# Power dissipated by resistors in series versus in parallel for fixed voltage

Do two resistors in parallel dissipate more power for a fixed applied voltage compared to the same two resistors in series?

## 7 Answers

The most straightforward way to reason about this doesn't require much math.

The power delivered by the voltage source to either pair of resistors is inversely proportion to their combined resistance, i.e, if the combined resistance is greater, the power delivered is smaller.

$$p_R = \dfrac{V^2}{R}$$

Now, recall that:

• the series combination of two resistances is always greater than either individual resistance

• the parallel combination of two resistances is always less than than resistance of either individual resistance

For example, suppose that both resistors have the same value of resistance $R$.

Now, if the two resistors are connected in series, the equivalent resistance is $R_{EQ}=2R$.

But, if the two resistors are connected in parallel, the equivalent resistance is $R_{EQ}=\dfrac{R}{2}$.

Thus, the power for the series combination is:

$$p_{series} = \dfrac{1}{2}\dfrac{V^2}{R}$$

Whilst the power for the parallel combination is:

$$p_{parallel} = 2\dfrac{V^2}{R}$$

In this case, the parallel combination dissipates 4 times the power of the series combination.

Power depends on voltage across the circuit and resistance of the circuit

\begin{equation} P = \frac{V^2}{R};\\ P_{series} = \frac{V^2}{(R_1+R_2)};\\ P_{parallel} = \frac{V^2}{(R_1^{-1}+R_2^{-1})^{-1}}=\frac{V^2}{\frac{R_1R_2}{R_1+R_2}}=\frac{V^2(R_1+R_2)}{R_1R_2};\\ \frac{P_{series}}{P_{parallel}} = \frac{R_1R_2}{(R_1+R_2)^2} \end{equation}

Since $R_1$ and $R_2$ are always positive, $R_1R_2 < (R_1+R_2)^2$ i.e. $P_{series} < P_{parallel}$

In general, if the power consumed would depend on the circuit structure. But for a simple case, such as two resistors connected in series versus the same resistors connected in parallel (with identical voltage sources in both), the power dissipated in the parallel combination will be greater.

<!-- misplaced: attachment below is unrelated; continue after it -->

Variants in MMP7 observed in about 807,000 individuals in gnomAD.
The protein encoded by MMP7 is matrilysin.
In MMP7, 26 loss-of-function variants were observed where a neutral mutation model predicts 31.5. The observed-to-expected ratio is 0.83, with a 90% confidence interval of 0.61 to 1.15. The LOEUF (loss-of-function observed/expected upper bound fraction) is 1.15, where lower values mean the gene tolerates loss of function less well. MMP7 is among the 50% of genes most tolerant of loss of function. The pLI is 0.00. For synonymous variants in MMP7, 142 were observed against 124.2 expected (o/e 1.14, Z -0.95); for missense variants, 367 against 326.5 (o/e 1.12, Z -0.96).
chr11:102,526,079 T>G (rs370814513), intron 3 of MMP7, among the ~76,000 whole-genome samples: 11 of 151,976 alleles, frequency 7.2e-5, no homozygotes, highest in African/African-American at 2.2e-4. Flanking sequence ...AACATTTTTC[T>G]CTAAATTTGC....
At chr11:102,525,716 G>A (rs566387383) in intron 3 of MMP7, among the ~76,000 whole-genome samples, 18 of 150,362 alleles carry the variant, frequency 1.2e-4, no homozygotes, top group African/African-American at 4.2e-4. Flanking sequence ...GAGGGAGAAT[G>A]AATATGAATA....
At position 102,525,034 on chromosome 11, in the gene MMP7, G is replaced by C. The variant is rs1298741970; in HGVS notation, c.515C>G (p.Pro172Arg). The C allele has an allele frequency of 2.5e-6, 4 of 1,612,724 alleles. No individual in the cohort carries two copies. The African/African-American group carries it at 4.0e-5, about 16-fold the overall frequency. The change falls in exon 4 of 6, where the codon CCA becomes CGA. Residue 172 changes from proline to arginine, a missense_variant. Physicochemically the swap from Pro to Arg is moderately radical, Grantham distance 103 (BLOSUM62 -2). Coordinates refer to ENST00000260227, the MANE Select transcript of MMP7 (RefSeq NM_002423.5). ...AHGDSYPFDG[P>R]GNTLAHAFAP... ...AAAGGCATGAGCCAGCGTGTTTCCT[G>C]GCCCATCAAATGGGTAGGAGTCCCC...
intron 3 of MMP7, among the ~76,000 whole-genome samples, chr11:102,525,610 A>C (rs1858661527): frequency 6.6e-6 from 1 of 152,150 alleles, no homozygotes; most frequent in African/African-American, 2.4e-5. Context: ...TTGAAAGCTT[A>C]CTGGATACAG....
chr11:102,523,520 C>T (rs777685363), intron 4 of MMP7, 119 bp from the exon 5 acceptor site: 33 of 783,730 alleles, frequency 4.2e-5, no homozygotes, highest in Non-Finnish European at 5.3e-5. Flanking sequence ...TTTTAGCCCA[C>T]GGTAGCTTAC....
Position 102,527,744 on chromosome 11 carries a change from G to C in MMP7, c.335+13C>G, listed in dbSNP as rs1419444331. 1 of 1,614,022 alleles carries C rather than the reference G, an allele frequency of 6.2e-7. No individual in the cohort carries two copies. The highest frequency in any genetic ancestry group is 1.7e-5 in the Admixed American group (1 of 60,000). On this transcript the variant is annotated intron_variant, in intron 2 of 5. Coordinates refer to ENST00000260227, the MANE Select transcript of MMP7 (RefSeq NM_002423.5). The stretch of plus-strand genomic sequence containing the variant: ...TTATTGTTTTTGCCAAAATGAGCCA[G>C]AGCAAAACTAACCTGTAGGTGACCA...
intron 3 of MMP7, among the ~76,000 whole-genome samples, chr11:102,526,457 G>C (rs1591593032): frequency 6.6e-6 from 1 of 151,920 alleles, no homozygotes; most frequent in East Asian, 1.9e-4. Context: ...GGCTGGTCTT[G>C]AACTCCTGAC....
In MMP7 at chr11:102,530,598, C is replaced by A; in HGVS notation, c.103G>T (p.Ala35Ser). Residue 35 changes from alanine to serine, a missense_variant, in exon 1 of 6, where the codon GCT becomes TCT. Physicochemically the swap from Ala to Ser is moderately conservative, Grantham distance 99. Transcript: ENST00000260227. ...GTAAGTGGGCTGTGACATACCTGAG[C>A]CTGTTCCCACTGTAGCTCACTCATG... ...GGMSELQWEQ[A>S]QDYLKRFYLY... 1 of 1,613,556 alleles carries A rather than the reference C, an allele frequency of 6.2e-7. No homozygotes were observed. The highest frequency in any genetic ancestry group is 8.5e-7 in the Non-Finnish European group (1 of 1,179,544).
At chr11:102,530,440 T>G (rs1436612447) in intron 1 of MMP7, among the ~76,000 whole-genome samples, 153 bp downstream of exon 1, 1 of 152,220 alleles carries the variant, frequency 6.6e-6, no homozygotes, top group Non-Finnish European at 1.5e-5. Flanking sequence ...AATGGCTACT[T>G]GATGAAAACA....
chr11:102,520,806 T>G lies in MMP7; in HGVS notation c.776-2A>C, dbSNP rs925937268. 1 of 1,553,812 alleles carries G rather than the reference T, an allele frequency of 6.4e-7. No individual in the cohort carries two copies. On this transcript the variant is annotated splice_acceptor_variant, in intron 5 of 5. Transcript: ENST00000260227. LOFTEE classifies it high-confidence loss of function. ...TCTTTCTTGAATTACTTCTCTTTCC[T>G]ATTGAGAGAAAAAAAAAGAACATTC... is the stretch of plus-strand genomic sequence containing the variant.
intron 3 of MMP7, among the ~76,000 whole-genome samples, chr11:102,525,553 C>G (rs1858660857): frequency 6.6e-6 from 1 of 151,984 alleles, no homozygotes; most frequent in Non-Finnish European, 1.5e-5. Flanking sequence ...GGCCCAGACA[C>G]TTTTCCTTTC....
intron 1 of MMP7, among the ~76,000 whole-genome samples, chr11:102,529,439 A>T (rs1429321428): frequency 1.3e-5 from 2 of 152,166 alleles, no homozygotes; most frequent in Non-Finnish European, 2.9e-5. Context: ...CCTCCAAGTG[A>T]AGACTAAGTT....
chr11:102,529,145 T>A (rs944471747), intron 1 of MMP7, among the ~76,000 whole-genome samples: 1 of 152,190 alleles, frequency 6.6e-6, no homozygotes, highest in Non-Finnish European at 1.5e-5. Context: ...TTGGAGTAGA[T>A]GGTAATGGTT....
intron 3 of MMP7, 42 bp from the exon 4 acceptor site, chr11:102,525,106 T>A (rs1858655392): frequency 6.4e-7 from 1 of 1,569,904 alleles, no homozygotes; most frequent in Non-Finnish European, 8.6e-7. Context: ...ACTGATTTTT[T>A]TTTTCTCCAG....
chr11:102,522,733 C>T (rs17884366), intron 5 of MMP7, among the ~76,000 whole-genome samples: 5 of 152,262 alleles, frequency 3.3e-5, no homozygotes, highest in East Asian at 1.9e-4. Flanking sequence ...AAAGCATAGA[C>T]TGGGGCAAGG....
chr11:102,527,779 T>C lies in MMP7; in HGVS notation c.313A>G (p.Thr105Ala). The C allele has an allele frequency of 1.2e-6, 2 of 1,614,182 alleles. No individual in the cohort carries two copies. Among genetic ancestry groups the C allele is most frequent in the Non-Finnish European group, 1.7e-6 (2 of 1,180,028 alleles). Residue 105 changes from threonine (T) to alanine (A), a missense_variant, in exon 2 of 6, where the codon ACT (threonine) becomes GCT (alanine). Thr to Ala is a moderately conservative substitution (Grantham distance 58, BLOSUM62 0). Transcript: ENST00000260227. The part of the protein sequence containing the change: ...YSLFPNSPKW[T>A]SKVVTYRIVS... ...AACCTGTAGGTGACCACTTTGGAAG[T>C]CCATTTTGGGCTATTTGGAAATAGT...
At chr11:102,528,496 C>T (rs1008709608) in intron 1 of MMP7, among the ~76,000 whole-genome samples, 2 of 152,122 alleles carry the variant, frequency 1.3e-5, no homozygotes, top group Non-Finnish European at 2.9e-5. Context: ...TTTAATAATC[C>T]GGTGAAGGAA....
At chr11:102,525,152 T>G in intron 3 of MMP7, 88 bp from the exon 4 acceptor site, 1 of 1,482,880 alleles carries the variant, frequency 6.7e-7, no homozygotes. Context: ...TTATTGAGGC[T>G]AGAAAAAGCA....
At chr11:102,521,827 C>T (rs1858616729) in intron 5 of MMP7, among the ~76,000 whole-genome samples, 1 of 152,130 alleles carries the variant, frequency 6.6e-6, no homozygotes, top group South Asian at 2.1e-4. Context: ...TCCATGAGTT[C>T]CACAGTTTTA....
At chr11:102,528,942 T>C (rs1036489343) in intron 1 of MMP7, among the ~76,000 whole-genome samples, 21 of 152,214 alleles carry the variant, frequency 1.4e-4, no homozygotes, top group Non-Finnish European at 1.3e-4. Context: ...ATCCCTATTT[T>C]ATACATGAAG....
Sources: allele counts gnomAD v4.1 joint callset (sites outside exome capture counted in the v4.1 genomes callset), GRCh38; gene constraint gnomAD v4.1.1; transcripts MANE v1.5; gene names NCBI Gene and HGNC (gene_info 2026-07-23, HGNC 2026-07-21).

• This is a statement rather than an explanation.... – Bernhard Oct 30 '13 at 22:11
• No offense, but the OP did not ask for an explanation. He merely asked a generic question "Is A sometimes greater than B?" If the question provided me with even the most remote of hints that the OP had some trouble with a concept, or maybe he/she was stuck at some point, I would have gladly provided a satisfactory explanation. – Sam29 Oct 30 '13 at 22:37

for same voltage supply, the power consumed by two resistances in series connection is less in compare to power consumed by same resistances in parallel connection. Therefore we can say that - P(series) < p(parallel)

in P=VI so when connect the the batteries in parallel then voltage is improving and its current increases because of the less of the resistance ana powrer is directle proportional to both thats why power is also increases....

They should because light bulbs connected in parallel definitely give you more energy per unit time :). It is because in parallel you have to circuits...for example, if you have a simple circuit with one bulb, and if you have total of 4 A of current, what will the current be if you add one more, in parallel? If you remember, sum of currents in two branches must always give a total current. So, you would say, ok, its 2 A per branch, but you would be wrong...now, you have total of 8 A, 4 A in each branch :) its cool, you are increasing your current by adding new branches.Electrons it those additional wires are effected by the battery in the same way as in the first wire, and you generate same current, provided you have equal bulbs. This current now pours into a meeting point of all branches and rushes into just ONE wire and since copper or any other material wants to have same density of its electrons, it must compensate for this...buy moving away at the same rate at which electrons are rushing in. So, each wire takes the same amount as one and in general you take away batteries energy faster, ie, you generate more power, yeah.. :) But, question that has been bugging me is when you have a series why should all the energy be dissipated in that bulb? Someone said its because the potential difference, it has to calm to its zero value when particle travels from neg to positive terminal, but that does not mean it should lose its all energy in dissipation, right? It could hit positive terminal and then come to zero. Why should it all be lost in a bulb? Please, comment.

• The total voltage is always dropped across the total load. In other words it don't matter if you measure at the load or the battery because it will be the same because you are measuring the difference in potential caused by the load. – user77331 Apr 9 '15 at 10:10

but $$Heat=I^2*R*t$$ so, $$Heat_{\parallel}= \frac{I^2*R}{2t}$$ $$Heat series=i^2* 2rt=4 *Heat_\parallel$$ therefore heat produced should be greater in a series circuit.

## protected by ACuriousMind♦Nov 3 '16 at 19:21

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